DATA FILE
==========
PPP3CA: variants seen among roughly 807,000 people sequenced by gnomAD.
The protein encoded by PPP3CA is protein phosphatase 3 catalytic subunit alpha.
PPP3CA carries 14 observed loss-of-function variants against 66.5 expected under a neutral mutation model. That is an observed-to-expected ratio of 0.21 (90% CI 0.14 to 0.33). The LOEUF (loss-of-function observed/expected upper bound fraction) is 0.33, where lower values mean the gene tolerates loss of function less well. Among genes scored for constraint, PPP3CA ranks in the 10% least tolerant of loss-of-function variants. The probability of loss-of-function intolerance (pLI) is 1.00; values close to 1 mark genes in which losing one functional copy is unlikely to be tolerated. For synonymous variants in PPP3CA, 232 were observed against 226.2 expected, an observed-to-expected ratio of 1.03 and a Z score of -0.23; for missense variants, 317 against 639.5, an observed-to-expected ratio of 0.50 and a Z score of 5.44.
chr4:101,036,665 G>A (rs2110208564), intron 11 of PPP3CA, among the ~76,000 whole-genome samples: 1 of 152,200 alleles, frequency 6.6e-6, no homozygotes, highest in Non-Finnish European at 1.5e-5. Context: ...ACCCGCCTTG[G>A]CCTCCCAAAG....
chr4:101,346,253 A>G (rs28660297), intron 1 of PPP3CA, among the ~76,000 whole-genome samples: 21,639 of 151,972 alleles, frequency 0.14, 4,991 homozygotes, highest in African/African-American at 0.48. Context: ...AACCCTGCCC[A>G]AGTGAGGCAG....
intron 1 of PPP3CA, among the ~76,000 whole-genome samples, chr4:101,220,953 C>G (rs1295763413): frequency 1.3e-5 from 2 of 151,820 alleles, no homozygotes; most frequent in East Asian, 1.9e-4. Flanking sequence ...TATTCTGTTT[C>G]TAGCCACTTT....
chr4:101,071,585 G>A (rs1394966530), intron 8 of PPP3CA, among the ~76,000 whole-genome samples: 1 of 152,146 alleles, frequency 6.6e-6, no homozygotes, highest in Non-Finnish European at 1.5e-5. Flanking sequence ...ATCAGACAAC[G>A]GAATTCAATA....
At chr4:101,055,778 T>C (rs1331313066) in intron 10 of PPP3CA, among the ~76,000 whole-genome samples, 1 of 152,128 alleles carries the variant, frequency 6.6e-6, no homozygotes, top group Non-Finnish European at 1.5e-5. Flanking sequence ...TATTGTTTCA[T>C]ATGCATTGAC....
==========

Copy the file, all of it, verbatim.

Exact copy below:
PPP3CA: variants seen among roughly 807,000 people sequenced by gnomAD.
The protein encoded by PPP3CA is protein phosphatase 3 catalytic subunit alpha.
PPP3CA carries 14 observed loss-of-function variants against 66.5 expected under a neutral mutation model. That is an observed-to-expected ratio of 0.21 (90% CI 0.14 to 0.33). The LOEUF (loss-of-function observed/expected upper bound fraction) is 0.33, where lower values mean the gene tolerates loss of function less well. Among genes scored for constraint, PPP3CA ranks in the 10% least tolerant of loss-of-function variants. The probability of loss-of-function intolerance (pLI) is 1.00; values close to 1 mark genes in which losing one functional copy is unlikely to be tolerated. For synonymous variants in PPP3CA, 232 were observed against 226.2 expected, an observed-to-expected ratio of 1.03 and a Z score of -0.23; for missense variants, 317 against 639.5, an observed-to-expected ratio of 0.50 and a Z score of 5.44.
chr4:101,036,665 G>A (rs2110208564), intron 11 of PPP3CA, among the ~76,000 whole-genome samples: 1 of 152,200 alleles, frequency 6.6e-6, no homozygotes, highest in Non-Finnish European at 1.5e-5. Context: ...ACCCGCCTTG[G>A]CCTCCCAAAG....
chr4:101,346,253 A>G (rs28660297), intron 1 of PPP3CA, among the ~76,000 whole-genome samples: 21,639 of 151,972 alleles, frequency 0.14, 4,991 homozygotes, highest in African/African-American at 0.48. Context: ...AACCCTGCCC[A>G]AGTGAGGCAG....
intron 1 of PPP3CA, among the ~76,000 whole-genome samples, chr4:101,220,953 C>G (rs1295763413): frequency 1.3e-5 from 2 of 151,820 alleles, no homozygotes; most frequent in East Asian, 1.9e-4. Flanking sequence ...TATTCTGTTT[C>G]TAGCCACTTT....
chr4:101,071,585 G>A (rs1394966530), intron 8 of PPP3CA, among the ~76,000 whole-genome samples: 1 of 152,146 alleles, frequency 6.6e-6, no homozygotes, highest in Non-Finnish European at 1.5e-5. Flanking sequence ...ATCAGACAAC[G>A]GAATTCAATA....
At chr4:101,055,778 T>C (rs1331313066) in intron 10 of PPP3CA, among the ~76,000 whole-genome samples, 1 of 152,128 alleles carries the variant, frequency 6.6e-6, no homozygotes, top group Non-Finnish European at 1.5e-5. Flanking sequence ...TATTGTTTCA[T>C]ATGCATTGAC....